Friday, August 26, 2011

TransMilenio – Bogotá, Colombia’s, bus rapid transit system – carries 1.4 million riders a day and has reduced travel times in Bogotá by 32 percent and emissions by 40 percent. 


Bus Rapid Transit (BRT) is a star among the constellation of U.S. transit options and for a host of operational, cost, and community development reasons, is worth serious consideration by the Chicago region. It takes the best of rail – speed, limited stops, dedicated right-of-way, landmark stations – and puts it on the existing street grid, radically lowering construction cost. On Wednesday, Aug. 17th, the Metropolitan Planning Council (MPC) released Bus Rapid Transit: Chicago's New Route to Opportunity, a vision for BRT in Chicago that presents the top 10 routes in Chicago where BRT is feasible, best supports existing community assets, and fills accessibility gaps in the current transit network. 

According to the Institute for Transportation and Development Policy (ITDP), cities are choosing BRT because it takes a relatively short time to build, is cheaper than rail, and can support an extremely flexible network, boosting connectivity. But not all BRT projects reach their maximum potential. To be truly “gold standard,” ITDP found that a system must have four key elements: 1) dedicated lanes, 2) pay-before-you-board stations, 3) level boarding, and 4) signal priority at intersections. Only two cities in the world managed to reach this gold standard: Bogotá, Colombia, and Guangzhou, China. 

To release the study, MPC held a luncheon featuring Enrique Peñalosa, the former mayor of Bogotá, who was instrumental in the development of their gold standard BRT: TransMilenio, a 52-mile system that moves about 47,000 passengers per hour/direction. Mayor Peñalosa advocated for TransMilenio because he believes that streets are a scarce, extremely valuable commodity that all people should have equal access to, regardless of if they can afford a $1 bus pass or a $50,000 car. That thinking is why converting an automobile lane to a dedicated bus lane makes sense. It’s about the number of people, not vehicles, moving through a corridor.

TransMilenio is a public-private partnership with oversight by a single public agency. The system actually pays its own operational costs through fares. It is so popular that a system expansion is already underway, which forecasts show will increase daily ridership to 2 million. Peñalosa commented that no one in Bogotá would refer to TransMilenio as “the bus.” It is a modern rapid transit system that feels more like rail.

So, could Chicago get gold standard BRT?

MPC certainly thinks so. Bus Rapid Transit: Chicago’s New Route to Opportunity integrates ITDP’s BRT research with an innovative livability screening method and ridership analysis. Answering the call from HUD, USDOT, and USEPA to integrate federal Livability Principles into development planning, MPC derived a screening process involving 14 livability metrics, and applied it on a block-by-block basis.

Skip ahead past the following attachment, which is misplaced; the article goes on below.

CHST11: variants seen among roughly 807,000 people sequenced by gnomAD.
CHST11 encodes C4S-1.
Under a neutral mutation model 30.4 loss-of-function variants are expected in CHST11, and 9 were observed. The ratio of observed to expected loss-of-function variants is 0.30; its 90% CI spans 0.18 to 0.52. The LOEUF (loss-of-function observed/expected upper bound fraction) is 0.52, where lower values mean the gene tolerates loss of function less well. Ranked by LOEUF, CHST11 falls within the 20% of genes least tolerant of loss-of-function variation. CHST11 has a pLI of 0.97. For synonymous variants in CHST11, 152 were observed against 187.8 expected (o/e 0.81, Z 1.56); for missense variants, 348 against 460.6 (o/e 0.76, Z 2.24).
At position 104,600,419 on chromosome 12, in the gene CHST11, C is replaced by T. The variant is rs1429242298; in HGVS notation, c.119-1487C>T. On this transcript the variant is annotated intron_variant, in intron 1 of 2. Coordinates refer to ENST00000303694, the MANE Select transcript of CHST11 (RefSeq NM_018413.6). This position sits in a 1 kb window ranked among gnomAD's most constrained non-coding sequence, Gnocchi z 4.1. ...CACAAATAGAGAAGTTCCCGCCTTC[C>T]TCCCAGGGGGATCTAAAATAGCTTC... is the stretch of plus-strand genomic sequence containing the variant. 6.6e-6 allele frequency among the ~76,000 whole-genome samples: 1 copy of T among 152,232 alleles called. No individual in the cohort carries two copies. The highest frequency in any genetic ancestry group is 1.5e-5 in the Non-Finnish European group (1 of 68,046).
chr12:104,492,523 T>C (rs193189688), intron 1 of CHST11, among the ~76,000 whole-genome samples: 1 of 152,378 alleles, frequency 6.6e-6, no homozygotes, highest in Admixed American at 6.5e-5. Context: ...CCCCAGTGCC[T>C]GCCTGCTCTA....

Ultimately, MPC’s analysis prescribes the 10 most feasible BRT routes in Chicago, based upon scoring routes across all 14 metrics, which include such things as access to medical centers, food stores, and employment centers. The study projects a minimum 71,000 daily increase in transit trips throughout the region, with only a 1 mph decrease (16 mph from 17) in automotive traffic speeds along BRT routes.

Following the release of MPC’s report, Chicago Dept. of Transportation (CDOT) commissioner Gabe Klein commented that he was excited about BRT in Chicago. In fact, CDOT and the Chicago Transit Authority are already moving forward with an alternatives analysis on the Western and Ashland corridors, two top candidates in MPC’s BRT study. This comes as no real surprise, as Chicago’s new mayor, Rahm Emanuel, offered ample support for BRT during his recent campaign and in his transition plan.

Thus, as the stars of global research, real-world advice, and concerted collaboration align, Chicagoans appear ready to strike BRT gold!

Do you ride transit? Would you ride transit?

Active Transportation Alliance is kicking off a new project called Riders for Better Transit to represent the needs of Chicagoland transit riders like you. How would you like to see transit in our region improved? Help Riders for Better Transit achieve transit reforms that matter to riders by telling us what issues are most important to you. Take the survey at by September 30th and be entered into a raffle to receive a $100 gift card!

Local News 

An EP Perspective on Orland Park’s Proposed Downtown. Our Evergreen Parker discusses how Orland Park's proposed downtown brings up the possibility of a transit-oriented village design in Evergreen Park. 

Bad roads and bridges are costing agriculture. Illinois' aging transportation infrastructure is impacting soybean farmers' efficiency, far beyond the impact of an average pothole, according to the Illinois Soybean Association. 

Governor Quinn Announces Start of Construction on a Major Chicago Infrastructure Project. Governor Pat Quinn highlighted the state’s ongoing efforts to improve Chicago’s infrastructure and create jobs by announcing the start of construction for a major rail grade separation project on the city’s South Side. 

Sinkhole Sucks Down SUV Saturday. Crazy. One moment you’re driving down the street. The next, the asphalt below your vehicle has given way and your car plunges tires first into a huge sinkhole. 

Giveaways and free bike tuning from Levi's. Does it say something important about cycling when one of the biggest names in clothing manufacturing decides to launch cycling-specific trousers?